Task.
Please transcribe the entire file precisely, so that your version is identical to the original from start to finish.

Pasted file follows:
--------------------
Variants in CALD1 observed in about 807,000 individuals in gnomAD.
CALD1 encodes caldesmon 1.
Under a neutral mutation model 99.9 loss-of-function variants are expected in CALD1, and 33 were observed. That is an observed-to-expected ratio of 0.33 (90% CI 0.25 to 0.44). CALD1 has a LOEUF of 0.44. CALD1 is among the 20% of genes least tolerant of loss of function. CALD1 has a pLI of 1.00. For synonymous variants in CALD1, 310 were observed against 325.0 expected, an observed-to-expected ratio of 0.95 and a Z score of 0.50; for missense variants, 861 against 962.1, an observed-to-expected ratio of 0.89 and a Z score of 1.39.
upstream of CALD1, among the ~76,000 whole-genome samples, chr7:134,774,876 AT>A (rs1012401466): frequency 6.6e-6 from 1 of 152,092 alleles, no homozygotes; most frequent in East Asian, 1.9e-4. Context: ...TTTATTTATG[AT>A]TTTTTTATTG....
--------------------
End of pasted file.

Variants in CALD1 observed in about 807,000 individuals in gnomAD.
CALD1 encodes caldesmon 1.
Under a neutral mutation model 99.9 loss-of-function variants are expected in CALD1, and 33 were observed. That is an observed-to-expected ratio of 0.33 (90% CI 0.25 to 0.44). CALD1 has a LOEUF of 0.44. CALD1 is among the 20% of genes least tolerant of loss of function. CALD1 has a pLI of 1.00. For synonymous variants in CALD1, 310 were observed against 325.0 expected, an observed-to-expected ratio of 0.95 and a Z score of 0.50; for missense variants, 861 against 962.1, an observed-to-expected ratio of 0.89 and a Z score of 1.39.
upstream of CALD1, among the ~76,000 whole-genome samples, chr7:134,774,876 AT>A (rs1012401466): frequency 6.6e-6 from 1 of 152,092 alleles, no homozygotes; most frequent in East Asian, 1.9e-4. Context: ...TTTATTTATG[AT>A]TTTTTTATTG....